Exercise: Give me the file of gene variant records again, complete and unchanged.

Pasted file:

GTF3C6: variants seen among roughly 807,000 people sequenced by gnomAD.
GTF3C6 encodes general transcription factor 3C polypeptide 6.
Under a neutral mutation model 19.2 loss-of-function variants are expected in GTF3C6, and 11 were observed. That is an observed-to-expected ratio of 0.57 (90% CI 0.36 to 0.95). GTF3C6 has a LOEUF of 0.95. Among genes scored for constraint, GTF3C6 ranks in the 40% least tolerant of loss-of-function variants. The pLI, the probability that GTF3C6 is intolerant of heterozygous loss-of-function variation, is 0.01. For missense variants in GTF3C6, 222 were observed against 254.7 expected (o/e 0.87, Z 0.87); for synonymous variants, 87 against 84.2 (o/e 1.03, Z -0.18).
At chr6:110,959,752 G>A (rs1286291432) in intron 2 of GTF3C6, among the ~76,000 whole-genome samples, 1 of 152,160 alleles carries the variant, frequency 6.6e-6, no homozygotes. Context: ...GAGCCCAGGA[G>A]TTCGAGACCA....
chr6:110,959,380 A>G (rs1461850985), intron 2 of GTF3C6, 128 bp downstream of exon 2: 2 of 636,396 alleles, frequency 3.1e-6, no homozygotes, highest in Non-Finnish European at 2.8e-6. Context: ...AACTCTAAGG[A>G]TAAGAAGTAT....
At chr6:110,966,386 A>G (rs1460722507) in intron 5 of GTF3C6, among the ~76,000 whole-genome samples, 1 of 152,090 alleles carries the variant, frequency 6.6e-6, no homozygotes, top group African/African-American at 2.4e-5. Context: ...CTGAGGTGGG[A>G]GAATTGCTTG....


GTF3C6: variants seen among roughly 807,000 people sequenced by gnomAD.
GTF3C6 encodes general transcription factor 3C polypeptide 6.
Under a neutral mutation model 19.2 loss-of-function variants are expected in GTF3C6, and 11 were observed. That is an observed-to-expected ratio of 0.57 (90% CI 0.36 to 0.95). GTF3C6 has a LOEUF of 0.95. Among genes scored for constraint, GTF3C6 ranks in the 40% least tolerant of loss-of-function variants. The pLI, the probability that GTF3C6 is intolerant of heterozygous loss-of-function variation, is 0.01. For missense variants in GTF3C6, 222 were observed against 254.7 expected (o/e 0.87, Z 0.87); for synonymous variants, 87 against 84.2 (o/e 1.03, Z -0.18).
At chr6:110,959,752 G>A (rs1286291432) in intron 2 of GTF3C6, among the ~76,000 whole-genome samples, 1 of 152,160 alleles carries the variant, frequency 6.6e-6, no homozygotes. Context: ...GAGCCCAGGA[G>A]TTCGAGACCA....
chr6:110,959,380 A>G (rs1461850985), intron 2 of GTF3C6, 128 bp downstream of exon 2: 2 of 636,396 alleles, frequency 3.1e-6, no homozygotes, highest in Non-Finnish European at 2.8e-6. Context: ...AACTCTAAGG[A>G]TAAGAAGTAT....
At chr6:110,966,386 A>G (rs1460722507) in intron 5 of GTF3C6, among the ~76,000 whole-genome samples, 1 of 152,090 alleles carries the variant, frequency 6.6e-6, no homozygotes, top group African/African-American at 2.4e-5. Context: ...CTGAGGTGGG[A>G]GAATTGCTTG....